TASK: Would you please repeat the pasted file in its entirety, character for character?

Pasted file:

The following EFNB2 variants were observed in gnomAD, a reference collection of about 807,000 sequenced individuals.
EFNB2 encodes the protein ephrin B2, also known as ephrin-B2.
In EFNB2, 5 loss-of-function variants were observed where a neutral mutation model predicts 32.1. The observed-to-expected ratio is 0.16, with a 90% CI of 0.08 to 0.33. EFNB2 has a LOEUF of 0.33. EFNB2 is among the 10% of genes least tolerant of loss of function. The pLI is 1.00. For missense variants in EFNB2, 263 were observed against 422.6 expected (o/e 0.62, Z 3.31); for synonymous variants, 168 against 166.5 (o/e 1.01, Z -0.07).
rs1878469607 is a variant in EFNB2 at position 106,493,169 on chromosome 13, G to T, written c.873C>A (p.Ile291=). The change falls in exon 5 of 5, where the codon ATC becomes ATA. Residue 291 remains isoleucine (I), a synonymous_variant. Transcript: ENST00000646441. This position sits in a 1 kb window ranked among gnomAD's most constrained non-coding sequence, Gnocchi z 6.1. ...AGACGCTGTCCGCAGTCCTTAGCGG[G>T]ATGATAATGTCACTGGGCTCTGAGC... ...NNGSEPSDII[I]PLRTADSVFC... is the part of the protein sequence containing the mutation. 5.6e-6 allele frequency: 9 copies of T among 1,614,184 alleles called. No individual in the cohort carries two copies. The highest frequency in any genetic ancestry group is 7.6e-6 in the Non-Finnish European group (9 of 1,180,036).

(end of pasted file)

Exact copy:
The following EFNB2 variants were observed in gnomAD, a reference collection of about 807,000 sequenced individuals.
EFNB2 encodes the protein ephrin B2, also known as ephrin-B2.
In EFNB2, 5 loss-of-function variants were observed where a neutral mutation model predicts 32.1. The observed-to-expected ratio is 0.16, with a 90% CI of 0.08 to 0.33. EFNB2 has a LOEUF of 0.33. EFNB2 is among the 10% of genes least tolerant of loss of function. The pLI is 1.00. For missense variants in EFNB2, 263 were observed against 422.6 expected (o/e 0.62, Z 3.31); for synonymous variants, 168 against 166.5 (o/e 1.01, Z -0.07).
rs1878469607 is a variant in EFNB2 at position 106,493,169 on chromosome 13, G to T, written c.873C>A (p.Ile291=). The change falls in exon 5 of 5, where the codon ATC becomes ATA. Residue 291 remains isoleucine (I), a synonymous_variant. Transcript: ENST00000646441. This position sits in a 1 kb window ranked among gnomAD's most constrained non-coding sequence, Gnocchi z 6.1. ...AGACGCTGTCCGCAGTCCTTAGCGG[G>T]ATGATAATGTCACTGGGCTCTGAGC... ...NNGSEPSDII[I]PLRTADSVFC... is the part of the protein sequence containing the mutation. 5.6e-6 allele frequency: 9 copies of T among 1,614,184 alleles called. No individual in the cohort carries two copies. The highest frequency in any genetic ancestry group is 7.6e-6 in the Non-Finnish European group (9 of 1,180,036).